Copyright information: please note that the copyrights of all the poems displayed on the website and sent out on the mailing list are held by the respective authors, translators or estates, and no work should be reproduced without first gaining permission from the individual publishers.

A British Summer

My boredom chock-a-block
with furniture – the desk
in bits, the sofa cushions
cluttering the bed, drawers
shoved beneath the dresser
– I stare at Wimbledon
while listening to the man
restretch then clean
the carpets in two rooms.
Suds rumbling in their drum,
the smell of pine detergent
creeping up to me.

Two hours of plucky Brits,
mauve clouds, the covers on,
or grim-faced teenagers
washed up before their spots
have cleared, then I descend
like Norma Desmond,
out of touch, magnanimous;
and all the little dents
where chairs and tables stood
have disappeared, as though
the years of being here
had never happened.

by Stephen Knight

From 1-7 July, this week’s Weekly Poem publisher, CB editions, will be running a pop-up poetry shop at 201 Portobello Road in London. The Shop will be filled with books (from CBe, Eyewear, Arc, Five Leaves, Flipped Eye, and more), photographs by Ken Garland, and other things, and an excellent selection of writers will be calling in to do brief pop-up readings through the week. You can find out more from Charles Boyle’s Sonofabook blog here.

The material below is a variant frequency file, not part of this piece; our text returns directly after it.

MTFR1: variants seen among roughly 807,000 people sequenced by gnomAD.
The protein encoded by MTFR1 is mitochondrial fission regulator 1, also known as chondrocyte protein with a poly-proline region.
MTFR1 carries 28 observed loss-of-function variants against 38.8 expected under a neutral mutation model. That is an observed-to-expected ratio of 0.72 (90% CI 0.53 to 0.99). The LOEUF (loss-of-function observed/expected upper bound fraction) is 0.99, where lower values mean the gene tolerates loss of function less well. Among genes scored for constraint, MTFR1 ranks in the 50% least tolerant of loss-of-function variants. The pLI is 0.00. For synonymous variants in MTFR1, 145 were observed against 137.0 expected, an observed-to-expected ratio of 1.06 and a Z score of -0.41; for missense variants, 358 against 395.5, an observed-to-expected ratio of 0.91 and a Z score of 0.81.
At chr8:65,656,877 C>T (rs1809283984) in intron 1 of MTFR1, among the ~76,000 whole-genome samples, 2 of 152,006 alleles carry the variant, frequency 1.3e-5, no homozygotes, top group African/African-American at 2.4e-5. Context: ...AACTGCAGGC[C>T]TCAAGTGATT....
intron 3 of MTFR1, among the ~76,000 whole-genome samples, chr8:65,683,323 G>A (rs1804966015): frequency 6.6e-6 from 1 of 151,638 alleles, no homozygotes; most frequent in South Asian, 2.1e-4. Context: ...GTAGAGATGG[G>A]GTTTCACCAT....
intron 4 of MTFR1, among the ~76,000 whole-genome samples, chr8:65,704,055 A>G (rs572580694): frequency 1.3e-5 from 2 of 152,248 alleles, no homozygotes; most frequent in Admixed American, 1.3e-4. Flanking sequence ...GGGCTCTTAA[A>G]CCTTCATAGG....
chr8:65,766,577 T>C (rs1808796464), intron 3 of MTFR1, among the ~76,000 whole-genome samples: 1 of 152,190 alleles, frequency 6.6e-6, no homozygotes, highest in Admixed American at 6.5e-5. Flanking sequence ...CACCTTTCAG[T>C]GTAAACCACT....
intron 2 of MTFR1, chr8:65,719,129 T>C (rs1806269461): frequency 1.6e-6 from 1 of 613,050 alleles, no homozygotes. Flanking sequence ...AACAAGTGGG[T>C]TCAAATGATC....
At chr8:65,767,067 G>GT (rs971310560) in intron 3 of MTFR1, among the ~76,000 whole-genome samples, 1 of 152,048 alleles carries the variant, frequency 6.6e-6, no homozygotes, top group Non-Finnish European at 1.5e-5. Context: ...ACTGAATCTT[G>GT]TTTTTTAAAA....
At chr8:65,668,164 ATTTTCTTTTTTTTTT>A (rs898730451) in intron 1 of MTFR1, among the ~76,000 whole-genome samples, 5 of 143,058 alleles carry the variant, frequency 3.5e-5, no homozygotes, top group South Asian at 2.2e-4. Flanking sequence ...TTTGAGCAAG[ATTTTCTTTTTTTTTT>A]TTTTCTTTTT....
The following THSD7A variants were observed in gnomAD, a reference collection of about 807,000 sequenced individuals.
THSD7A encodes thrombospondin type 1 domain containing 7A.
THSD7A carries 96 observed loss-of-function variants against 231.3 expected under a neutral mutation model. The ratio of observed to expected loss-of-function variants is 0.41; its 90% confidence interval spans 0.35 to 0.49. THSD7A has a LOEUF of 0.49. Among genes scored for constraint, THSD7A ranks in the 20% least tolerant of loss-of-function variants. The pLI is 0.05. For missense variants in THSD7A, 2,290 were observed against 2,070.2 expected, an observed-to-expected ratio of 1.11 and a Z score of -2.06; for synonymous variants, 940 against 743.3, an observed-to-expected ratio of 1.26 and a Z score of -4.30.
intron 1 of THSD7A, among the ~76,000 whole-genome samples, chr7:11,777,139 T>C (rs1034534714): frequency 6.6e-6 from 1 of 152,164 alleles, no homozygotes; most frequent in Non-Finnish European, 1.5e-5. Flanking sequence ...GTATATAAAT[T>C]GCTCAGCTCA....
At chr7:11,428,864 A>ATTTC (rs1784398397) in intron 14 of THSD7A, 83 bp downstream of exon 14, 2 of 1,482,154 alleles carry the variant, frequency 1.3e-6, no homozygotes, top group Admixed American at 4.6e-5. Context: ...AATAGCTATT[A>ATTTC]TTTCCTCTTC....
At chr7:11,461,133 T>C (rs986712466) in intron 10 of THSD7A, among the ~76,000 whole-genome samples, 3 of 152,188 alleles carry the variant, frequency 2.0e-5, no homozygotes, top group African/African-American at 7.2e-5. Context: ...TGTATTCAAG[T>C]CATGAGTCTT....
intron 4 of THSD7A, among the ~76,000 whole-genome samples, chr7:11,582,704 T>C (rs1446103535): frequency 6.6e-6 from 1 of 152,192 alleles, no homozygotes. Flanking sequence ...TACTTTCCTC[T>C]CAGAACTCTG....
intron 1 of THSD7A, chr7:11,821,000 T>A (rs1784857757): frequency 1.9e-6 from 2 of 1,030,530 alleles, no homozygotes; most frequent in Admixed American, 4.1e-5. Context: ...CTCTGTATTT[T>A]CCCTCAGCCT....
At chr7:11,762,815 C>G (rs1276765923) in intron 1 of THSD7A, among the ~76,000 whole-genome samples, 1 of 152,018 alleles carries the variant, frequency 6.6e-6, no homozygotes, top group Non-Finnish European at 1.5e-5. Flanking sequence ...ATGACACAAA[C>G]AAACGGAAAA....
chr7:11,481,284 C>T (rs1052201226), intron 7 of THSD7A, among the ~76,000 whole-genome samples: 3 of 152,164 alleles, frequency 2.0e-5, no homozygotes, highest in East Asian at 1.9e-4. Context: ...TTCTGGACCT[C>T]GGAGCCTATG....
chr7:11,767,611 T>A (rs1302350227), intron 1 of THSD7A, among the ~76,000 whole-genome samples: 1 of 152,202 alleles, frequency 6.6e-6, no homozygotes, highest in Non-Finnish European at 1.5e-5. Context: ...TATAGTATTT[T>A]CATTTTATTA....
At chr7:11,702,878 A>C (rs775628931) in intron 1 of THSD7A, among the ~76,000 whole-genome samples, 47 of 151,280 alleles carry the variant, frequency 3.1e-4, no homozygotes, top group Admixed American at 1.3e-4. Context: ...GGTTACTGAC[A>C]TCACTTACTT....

‘A British Summer’ is copyright © Stephen Knight, 2012. It is reprinted from The Prince of Wails by permission of CB editions.

Notes from CB editions:

The Prince of Wails is Stephen Knight‘s first collection of poems since Dream City Cinema (1996), which – like its predecessor, Flowering Limbs (1993) – was shortlisted for the T.S. Eliot Prize and was selected by Robert Potts in the Guardian as a Book of the Decade: ‘A masterpiece in miniature, packed with surprisingly enthusiastic and musical treatments of entropy, whether universal or personal, by a top craftsman with a quirky and disconcertingly loveable voice.’ Stephen Knight’s novel Mr Schnitzel (2000) won the Arts Council of Wales Book of the Year Award. Born in Swansea, Stephen Knight now lives in London. Read more selections from the collection on the CB editions website.

CB editions publishes no more than six books a year, mainly poetry and short fiction and including work in translation. Since 2008 its poetry titles have twice won the Aldeburgh First Collection Prize and have twice been shortlisted for both the Forward Prize and the Forward First Collection Prize. In 2011 CBe put on Free Verse, a one-day book fair for poetry publishers to show their work and sell direct to the public; the event was repeated in September 2012 with over 50 publishers taking part. Find out more about the publisher from the website, where you can also sign up to the CB editions mailing list, or ‘like’ the publisher on Facebook to keep up-to-date with its activities.

Copyright information: please note that the copyrights of all the poems displayed on the website and sent out on the mailing list are held by the respective authors, translators or estates, and no work should be reproduced without first gaining permission from the individual publishers.